Lawmakers in the House and Senate on Tuesday welcomed the Justice Department’s (DOJ’s) move to file an antitrust lawsuit against Google that claims the tech behemoth used its power to preserve its monopoly via its search engine.
“Today’s lawsuit is the most important antitrust case in a generation,” Sen. Josh Hawley, R-Mo., said in a statement. “Google and its fellow Big Tech monopolists exercise unprecedented power over the lives of ordinary Americans, controlling everything from the news we read to the security of our most personal information. And Google in particular has gathered and maintained that power through illegal means.”
The DOJ suit alleges that Google has used its dominance in online search and advertising to stifle competition and boost profits. The suit could be an opening shot in a battle against a number of Big Tech companies in the coming months.
A Google spokesperson told Fox News: “Today’s lawsuit by the Department of Justice is deeply flawed. People use Google because they choose to — not because they’re forced to or because they can’t find alternatives. We will have a fuller statement this morning.”
According to the lawsuit, “For years, Google has entered into exclusionary agreements, including tying arrangements, and engaged in anticompetitive conduct to lock up distribution channels and block rivals.”
“American consumers are forced to accept Google’s policies, privacy practices, and use of personal data; and new companies with innovative business models cannot emerge from Google’s long shadow. For the sake of American consumers, advertisers, and all companies now reliant on the internet economy, the time has come to stop Google’s anticompetitive conduct and restore competition,” it says.
The DOJ claims the action was brought to stop Google from “unlawfully maintaining monopolies in the markets for general search services, search advertising, and general search text advertising in the United States through anticompetitive and exclusionary practices, and to remedy the effects of this conduct.”
“Largely as a result of Google’s exclusionary agreements and anticompetitive conduct, Google in recent years has accounted for nearly 90 percent of all general-search-engine queries in the United States, and almost 95 percent of queries on mobile devices,” the lawsuit says.
The lawsuit has been in the works for over a year, and Big Tech executives from Google, Apple, Facebook and Twitter have been anticipating an announcement — designing their testimonies in Congress to ward off a potential federal suit.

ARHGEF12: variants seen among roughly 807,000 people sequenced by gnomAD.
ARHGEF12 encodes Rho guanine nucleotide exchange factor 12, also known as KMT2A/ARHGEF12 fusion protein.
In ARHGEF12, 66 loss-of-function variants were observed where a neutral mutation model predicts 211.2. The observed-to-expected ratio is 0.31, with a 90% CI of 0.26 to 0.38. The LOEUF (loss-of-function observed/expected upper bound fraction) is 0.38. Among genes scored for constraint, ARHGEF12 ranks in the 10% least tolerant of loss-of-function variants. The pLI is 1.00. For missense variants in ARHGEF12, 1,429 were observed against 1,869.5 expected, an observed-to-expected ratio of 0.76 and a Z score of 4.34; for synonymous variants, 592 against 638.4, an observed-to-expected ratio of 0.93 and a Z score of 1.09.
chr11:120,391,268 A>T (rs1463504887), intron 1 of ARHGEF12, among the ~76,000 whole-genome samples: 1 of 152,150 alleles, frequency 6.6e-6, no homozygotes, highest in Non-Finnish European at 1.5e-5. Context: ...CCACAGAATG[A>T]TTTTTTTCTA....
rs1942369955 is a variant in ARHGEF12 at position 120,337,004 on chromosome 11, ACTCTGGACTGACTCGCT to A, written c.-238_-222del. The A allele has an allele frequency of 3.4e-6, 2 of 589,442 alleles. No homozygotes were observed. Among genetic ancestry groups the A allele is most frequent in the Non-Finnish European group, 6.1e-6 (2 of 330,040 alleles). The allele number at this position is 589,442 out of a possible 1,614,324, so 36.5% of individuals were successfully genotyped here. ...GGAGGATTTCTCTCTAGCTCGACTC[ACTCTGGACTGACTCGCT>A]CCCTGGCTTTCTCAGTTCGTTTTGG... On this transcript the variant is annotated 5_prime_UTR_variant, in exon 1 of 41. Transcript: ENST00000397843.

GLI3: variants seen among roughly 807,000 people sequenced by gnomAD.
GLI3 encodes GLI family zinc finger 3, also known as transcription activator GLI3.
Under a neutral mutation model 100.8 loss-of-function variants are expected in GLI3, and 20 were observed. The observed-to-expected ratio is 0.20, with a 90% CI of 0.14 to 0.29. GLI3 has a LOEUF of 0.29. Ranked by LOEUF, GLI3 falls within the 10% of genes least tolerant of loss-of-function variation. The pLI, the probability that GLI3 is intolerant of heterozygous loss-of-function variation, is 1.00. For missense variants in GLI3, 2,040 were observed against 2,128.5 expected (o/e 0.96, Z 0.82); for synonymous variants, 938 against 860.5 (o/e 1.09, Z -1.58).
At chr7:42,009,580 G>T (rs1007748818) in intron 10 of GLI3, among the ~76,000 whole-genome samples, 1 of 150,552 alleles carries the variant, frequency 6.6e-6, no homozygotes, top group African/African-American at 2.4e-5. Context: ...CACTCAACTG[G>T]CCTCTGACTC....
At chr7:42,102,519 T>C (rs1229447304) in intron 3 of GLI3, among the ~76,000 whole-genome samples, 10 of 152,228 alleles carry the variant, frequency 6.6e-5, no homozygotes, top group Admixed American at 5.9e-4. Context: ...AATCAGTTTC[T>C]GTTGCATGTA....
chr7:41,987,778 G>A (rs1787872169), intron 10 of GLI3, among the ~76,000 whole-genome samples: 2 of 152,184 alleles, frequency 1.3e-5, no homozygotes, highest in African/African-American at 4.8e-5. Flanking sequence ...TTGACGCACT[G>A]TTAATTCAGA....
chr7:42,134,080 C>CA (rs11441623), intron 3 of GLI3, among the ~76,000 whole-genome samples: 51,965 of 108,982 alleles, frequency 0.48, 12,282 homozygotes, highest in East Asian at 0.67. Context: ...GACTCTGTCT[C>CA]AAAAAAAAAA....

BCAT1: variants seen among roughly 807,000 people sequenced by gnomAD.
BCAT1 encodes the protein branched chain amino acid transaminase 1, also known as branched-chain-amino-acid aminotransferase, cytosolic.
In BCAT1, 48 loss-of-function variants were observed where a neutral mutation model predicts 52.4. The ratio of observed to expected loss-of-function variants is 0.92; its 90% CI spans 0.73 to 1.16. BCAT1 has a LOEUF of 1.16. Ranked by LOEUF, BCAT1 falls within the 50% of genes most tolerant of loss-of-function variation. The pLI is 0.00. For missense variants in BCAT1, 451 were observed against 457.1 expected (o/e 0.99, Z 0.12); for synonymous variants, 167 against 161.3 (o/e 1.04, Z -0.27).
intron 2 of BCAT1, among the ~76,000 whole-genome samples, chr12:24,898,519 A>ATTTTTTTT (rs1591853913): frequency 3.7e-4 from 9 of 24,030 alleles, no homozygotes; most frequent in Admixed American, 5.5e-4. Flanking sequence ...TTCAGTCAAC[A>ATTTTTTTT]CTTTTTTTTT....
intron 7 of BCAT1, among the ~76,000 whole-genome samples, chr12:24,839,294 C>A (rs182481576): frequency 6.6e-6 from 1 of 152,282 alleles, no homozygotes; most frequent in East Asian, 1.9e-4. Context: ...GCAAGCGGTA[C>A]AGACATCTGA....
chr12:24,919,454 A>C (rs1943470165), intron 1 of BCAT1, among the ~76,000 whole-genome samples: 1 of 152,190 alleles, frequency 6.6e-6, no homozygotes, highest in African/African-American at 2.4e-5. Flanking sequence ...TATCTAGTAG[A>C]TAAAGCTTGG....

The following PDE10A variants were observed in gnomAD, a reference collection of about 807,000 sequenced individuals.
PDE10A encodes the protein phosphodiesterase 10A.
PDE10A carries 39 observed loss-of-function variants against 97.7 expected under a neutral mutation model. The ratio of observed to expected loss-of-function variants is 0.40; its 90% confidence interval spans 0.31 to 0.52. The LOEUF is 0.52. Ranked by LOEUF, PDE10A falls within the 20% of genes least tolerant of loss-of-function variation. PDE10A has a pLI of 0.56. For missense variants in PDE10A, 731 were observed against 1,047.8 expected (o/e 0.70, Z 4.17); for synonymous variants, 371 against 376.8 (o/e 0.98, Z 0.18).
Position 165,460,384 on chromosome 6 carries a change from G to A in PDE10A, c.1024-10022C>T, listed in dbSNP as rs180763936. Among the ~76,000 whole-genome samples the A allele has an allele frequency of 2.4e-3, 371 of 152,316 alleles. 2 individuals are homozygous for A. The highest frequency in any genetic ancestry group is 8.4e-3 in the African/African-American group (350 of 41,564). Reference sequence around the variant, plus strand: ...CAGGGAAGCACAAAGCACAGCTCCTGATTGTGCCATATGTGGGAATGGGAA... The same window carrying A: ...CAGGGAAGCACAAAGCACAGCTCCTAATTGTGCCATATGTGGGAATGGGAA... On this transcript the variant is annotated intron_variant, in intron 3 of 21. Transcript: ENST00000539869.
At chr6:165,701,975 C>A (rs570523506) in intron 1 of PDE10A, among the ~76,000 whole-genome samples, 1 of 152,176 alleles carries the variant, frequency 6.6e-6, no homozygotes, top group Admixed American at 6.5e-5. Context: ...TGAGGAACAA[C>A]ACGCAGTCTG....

House Antitrust Subcommittee Chairman David N. Cicilline, D-R.I., described the lawsuit as “long overdue” and brought attention to prior investigations by the committee.
“The Subcommittee’s investigation uncovered extensive evidence showing that Google maintained and extended its monopoly to harm competition,” he said in a statement. “It is critical that the Justice Department’s lawsuit focuses on Google’s monopolization of search and search advertising, while also targeting the anti-competitive business practices Google is using to leverage this monopoly into other areas, such as maps, browsers, video, and voice assistants.”
The lawsuit alleges that Google used billions of dollars from advertisers to pay phone manufacturers to ensure Google is the default search engine on browsers.
“For a general search engine, by far the most effective means of distribution is to be the preset default general search engine for mobile and computer search access points,” the lawsuit says. “Even where users can change the default, they rarely do. This leaves the preset default search engine with de facto exclusivity.”
The Trump administration has long had Google in its sights. A top economic adviser to President Trump said two years ago that the White House was considering whether Google searches should be subject to government regulation.
Trump and other Republicans have accused Big Tech companies of having an anti-conservative bias — claims they have denied.
In a press conference, Deputy Attorney General Jeffrey Rosen said that the case had nothing to do with online bias, and was only about competitive conditions in the marketplace.
By Gillian Turner, Jake Gibson and Bill Mears, as well as The Associated Press, contributed to this report.Adam Shaw is a reporter covering U.S. and European politics.
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